Thoughts on Ignorance as a Cause of Post-Partum Depression

I am not a psychiatrist, a medical specialist, or even a scientist, but I have a sneaking suspicion that post-partum depression, while obviously a complex condition, is rooted at least in part in one phenomenon: distorted expectations from lack of sufficient and accurate information.

Likely owing to society’s desire to increase the population of humans, and general squeamishness and avoidance of gross subjects, most women are exposed to only a very topical and rosy view of pregnancy, birth, and motherhood throughout their lives leading up to the decision to reproduce. Everyone’s heard of “pregnancy glow.” On the other hand, things like pregnancy constipation, pregnancy constant flatulence, pregnancy insomnia, pregnancy leaking of urine, and pregnancy leaking of amniotic fluid are less frequently mentioned, if at all. After labor, everyone knows about the “bundle of joy,” but probably not the bundle of shit on the delivery table.

Unless a woman happens to keep company with a horde of brutally honest women who don’t mind sharing things like a desire to literally die during childbirth because of the horrible pain (thanks mom!); how badly their vaginas tore, got infected, then tore again; among other horrifying stories not fit for dinner conversation, a woman may find herself pregnant and learning these very real possibilities for the first time. Society wants you to think of the glow, not the farting, leaking, pain, tearing, and shitting, because if women carefully considered all these downsides, some undoubtedly would have second thoughts. It is true the more women know and contemplate the implications of these realities, the more careful they are going to be about their decision to reproduce, but this should not be a bad thing.

Again, I’m not a medical professional, but I speculate jumping into pregnancy imagining the glow and the rewards of motherhood, then being subsequently ambushed by a slew of physical ailments, followed by serious physical compromise or injury during labor, topped off with the reality of becoming responsible for a squirming, screaming, crying, shitting bundle of mess all while suffering sleep deprivation and possible problems with breastfeeding, is an easy recipe for depression.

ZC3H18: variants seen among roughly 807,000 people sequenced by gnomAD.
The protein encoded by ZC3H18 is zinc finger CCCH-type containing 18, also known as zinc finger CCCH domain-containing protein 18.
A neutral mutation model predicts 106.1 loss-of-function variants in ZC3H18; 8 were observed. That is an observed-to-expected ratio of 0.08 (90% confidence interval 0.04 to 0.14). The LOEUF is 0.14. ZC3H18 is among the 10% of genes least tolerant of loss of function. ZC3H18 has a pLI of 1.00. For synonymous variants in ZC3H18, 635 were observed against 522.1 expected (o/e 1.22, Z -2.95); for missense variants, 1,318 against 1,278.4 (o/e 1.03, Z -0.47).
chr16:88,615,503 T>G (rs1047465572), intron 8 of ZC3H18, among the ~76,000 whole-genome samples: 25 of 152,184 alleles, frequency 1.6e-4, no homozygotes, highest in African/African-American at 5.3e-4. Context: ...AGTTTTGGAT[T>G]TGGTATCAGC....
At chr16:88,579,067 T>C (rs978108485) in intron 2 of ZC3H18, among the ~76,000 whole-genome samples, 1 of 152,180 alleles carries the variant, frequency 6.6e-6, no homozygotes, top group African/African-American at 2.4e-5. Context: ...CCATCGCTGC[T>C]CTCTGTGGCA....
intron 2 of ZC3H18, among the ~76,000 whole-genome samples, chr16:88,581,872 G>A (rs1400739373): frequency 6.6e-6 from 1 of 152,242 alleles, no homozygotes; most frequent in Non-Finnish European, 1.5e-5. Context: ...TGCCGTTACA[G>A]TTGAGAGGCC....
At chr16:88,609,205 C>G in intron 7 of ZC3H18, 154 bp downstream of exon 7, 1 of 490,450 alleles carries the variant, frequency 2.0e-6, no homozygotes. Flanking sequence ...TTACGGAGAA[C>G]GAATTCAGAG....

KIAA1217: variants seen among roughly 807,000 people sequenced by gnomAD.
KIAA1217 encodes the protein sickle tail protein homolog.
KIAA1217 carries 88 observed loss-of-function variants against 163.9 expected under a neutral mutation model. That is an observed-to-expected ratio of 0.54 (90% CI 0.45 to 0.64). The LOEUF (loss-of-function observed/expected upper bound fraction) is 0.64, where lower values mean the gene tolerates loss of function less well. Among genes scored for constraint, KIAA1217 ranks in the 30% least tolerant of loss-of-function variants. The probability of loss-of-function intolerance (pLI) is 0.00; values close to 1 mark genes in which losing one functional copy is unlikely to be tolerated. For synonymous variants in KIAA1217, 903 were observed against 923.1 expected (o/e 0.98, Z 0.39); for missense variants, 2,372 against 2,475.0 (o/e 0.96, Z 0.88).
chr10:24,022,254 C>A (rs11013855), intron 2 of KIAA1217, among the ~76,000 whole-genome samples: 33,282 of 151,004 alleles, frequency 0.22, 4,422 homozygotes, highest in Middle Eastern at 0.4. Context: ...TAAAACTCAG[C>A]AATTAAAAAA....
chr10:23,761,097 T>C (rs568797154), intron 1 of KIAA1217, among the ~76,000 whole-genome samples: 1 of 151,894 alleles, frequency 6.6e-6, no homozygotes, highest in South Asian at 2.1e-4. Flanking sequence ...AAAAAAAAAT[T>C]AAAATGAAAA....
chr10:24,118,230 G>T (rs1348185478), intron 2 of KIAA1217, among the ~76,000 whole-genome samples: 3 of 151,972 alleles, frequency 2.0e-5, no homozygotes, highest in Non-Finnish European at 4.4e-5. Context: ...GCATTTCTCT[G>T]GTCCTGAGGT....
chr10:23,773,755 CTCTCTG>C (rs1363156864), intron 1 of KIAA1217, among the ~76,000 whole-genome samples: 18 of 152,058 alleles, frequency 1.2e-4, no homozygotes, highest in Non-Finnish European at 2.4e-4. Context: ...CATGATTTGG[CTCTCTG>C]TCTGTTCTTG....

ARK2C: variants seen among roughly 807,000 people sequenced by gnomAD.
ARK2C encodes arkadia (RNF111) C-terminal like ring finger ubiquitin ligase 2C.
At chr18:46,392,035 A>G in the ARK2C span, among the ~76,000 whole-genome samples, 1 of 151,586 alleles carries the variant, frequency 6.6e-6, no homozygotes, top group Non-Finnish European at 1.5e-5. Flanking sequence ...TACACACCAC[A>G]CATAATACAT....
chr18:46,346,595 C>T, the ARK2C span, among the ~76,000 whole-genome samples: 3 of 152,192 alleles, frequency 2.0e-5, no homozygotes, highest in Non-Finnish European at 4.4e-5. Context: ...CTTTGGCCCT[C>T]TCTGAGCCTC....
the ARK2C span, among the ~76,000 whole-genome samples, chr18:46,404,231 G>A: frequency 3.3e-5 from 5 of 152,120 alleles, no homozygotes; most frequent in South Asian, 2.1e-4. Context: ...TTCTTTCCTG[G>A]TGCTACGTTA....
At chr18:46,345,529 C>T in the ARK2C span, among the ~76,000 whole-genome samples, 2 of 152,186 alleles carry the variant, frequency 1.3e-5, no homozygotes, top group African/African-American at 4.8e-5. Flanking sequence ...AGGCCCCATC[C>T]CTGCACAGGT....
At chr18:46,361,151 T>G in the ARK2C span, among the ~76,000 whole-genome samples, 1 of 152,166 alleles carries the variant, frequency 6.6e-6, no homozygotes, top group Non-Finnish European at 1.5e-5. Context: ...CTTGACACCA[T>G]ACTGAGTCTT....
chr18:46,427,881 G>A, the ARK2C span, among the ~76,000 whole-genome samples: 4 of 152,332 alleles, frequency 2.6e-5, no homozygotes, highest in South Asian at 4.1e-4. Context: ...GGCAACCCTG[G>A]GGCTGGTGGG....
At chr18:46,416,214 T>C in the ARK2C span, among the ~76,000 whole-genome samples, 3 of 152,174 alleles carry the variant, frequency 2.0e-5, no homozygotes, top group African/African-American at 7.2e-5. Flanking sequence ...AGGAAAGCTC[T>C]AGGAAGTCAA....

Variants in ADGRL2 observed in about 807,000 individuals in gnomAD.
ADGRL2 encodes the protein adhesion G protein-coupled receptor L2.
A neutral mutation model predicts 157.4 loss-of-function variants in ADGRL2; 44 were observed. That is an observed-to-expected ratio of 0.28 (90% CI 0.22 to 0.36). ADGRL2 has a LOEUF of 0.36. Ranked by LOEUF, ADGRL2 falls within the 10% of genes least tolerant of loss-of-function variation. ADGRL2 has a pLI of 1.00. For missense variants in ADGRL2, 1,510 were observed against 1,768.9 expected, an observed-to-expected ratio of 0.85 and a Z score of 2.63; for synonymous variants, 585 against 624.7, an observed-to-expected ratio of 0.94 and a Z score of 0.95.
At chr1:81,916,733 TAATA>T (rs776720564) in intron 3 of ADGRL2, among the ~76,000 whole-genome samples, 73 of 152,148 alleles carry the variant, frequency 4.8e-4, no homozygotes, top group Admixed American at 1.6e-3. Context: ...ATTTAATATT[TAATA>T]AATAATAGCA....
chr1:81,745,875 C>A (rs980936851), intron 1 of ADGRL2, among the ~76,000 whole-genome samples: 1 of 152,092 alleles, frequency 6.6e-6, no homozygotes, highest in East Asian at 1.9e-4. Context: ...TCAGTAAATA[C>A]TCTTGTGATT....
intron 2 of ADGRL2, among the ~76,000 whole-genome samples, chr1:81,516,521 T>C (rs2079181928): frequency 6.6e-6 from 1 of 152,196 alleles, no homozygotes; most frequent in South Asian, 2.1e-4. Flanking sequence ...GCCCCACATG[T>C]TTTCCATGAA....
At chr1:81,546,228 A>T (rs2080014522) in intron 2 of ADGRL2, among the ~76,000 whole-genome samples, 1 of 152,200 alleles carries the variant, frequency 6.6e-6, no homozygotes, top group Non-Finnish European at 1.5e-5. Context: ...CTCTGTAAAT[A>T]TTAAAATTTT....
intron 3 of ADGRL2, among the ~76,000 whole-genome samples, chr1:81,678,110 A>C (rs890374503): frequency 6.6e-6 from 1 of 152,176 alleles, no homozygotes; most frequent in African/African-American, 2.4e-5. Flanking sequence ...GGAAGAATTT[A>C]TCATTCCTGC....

This is exactly why all women should seek out all the relevant information, both positive and negative before deciding to have children. Having worked in the field of healthcare law for many years, I know the detailed and precise description of risks and complications, both common and rare, discussed with women before they have so much as an appendix removal, brow lift, or boob job. For almost all surgeries, no matter how minor, physicians will review risks, benefits, and alternatives, providing an overview of common complications, expected outcomes, and even some remote risks, such as death. They are required to do this for every procedure, even life-saving surgeries most people in their right mind would never refuse. The basic rationale behind this practice is that people should know what they are getting into, and that includes not only common and expected risks and outcomes, but at least an idea of remote and unlikely complications as well.

Yet, as it relates to reproduction, a completely elective choice in this day and age, women hear merely about “pregnancy glow,” “bundle of joy,” and perhaps vague references to fatigue and morning sickness before committing to something of significant medical, physical, and emotional impact not only for the next 9 months, but indeed, possibly for the next 18 years. With this in mind, it’s actually amazing more women do not suffer post-partum depression.